The agenda consisted of a single topic, perhaps the only one that would bring together such ideologically divergent politicians in Washington at this moment: their shared disdain for the PATRIOT Act.
With key provisions of the controversial post-9/11 law set to expire at the end of the month, including authority for the National Security Agency’s bulk collection of Americans’ phone records, critics in both parties are preparing to strike. Among those on hand for the meeting were Democratic Rep. Mark Pocan, a card-carrying ACLU member from the liberal mecca of Madison, Wisconsin, and GOP Rep. Thomas Massie, a tea party adherent from Kentucky.
Along with Pocan and Massie, the Thursday gathering drew Reps. Justin Amash (R-Mich.), Zoe Lofgren (D-Calif.) and Jared Polis (D-Colo.). The lawmakers, many of them privacy zealots with libertarian leanings, discussed the USA Freedom Act, bipartisan legislation that would rein in the bulk collection of telephone records and reauthorize expiring anti-terror surveillance provisions in the PATRIOT Act.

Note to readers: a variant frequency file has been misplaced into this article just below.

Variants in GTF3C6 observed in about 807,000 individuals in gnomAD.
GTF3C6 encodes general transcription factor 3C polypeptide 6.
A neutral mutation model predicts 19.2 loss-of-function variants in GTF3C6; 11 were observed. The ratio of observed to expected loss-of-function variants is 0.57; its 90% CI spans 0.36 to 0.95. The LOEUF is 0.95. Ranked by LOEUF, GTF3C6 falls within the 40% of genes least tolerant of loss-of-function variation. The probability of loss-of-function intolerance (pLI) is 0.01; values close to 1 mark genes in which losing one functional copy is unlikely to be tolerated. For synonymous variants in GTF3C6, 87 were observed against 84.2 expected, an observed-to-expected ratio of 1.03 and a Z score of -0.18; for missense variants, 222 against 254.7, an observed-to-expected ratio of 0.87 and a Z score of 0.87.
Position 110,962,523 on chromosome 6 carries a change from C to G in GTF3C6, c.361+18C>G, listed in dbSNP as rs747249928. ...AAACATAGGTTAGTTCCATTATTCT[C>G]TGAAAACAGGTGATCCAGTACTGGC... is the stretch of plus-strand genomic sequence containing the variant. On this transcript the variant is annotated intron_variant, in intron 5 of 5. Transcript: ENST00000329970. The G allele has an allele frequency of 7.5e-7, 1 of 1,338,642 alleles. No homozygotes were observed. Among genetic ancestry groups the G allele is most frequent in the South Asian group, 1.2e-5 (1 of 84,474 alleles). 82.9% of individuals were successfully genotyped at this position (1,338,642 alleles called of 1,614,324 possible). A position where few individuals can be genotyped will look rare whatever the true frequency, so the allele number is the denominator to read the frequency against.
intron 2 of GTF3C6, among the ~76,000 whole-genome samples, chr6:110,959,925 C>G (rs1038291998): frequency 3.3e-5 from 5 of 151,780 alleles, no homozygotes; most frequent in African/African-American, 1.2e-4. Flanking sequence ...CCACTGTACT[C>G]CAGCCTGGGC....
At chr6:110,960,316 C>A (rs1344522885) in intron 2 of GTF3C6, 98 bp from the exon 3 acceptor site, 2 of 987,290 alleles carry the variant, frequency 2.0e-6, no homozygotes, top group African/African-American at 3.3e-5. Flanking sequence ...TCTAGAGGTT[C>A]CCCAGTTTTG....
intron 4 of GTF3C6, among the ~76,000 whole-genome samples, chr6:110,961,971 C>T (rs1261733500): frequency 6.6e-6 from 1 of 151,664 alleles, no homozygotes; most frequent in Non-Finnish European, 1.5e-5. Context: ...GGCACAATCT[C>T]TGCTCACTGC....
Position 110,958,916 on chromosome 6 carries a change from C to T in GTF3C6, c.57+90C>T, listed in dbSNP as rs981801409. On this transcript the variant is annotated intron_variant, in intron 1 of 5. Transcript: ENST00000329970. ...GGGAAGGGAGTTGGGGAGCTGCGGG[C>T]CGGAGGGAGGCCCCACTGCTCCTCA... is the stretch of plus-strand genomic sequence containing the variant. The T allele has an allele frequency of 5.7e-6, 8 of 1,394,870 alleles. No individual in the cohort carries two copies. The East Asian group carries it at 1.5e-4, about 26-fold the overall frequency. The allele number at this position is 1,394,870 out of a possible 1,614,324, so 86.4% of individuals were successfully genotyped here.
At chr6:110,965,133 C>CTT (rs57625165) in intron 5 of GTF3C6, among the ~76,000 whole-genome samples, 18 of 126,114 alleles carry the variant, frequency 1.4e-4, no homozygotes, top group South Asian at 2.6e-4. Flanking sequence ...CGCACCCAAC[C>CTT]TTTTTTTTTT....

“We are definitely making it a bipartisan effort because we believe there are people on both sides of the aisle who are interested in protecting the rights of Americans,” Amash said.
Democrats and libertarian-minded Republicans want changes that go beyond what’s currently on the table, but it’s unclear whether they have the numbers. Massie and Amash are key players in a growing conservative bloc of the Republican caucus that in the past has forced Boehner and Majority Leader Kevin McCarthy (R-Calif.) to alter legislation that didn’t pass conservative muster.
“People are going to have to make a decision if there are enough real reforms in there to make it worth reauthorizing the PATRIOT Act,” Massie said. “I don’t think the reforms are significant enough.”
“The onus is really on [Republican and Democratic leaders] to have something in place if this is going to run out and they need to reauthorize something,” the Republican added. “We’re trying to figure out how to get a better, stronger [bill] that protects privacy rights.”
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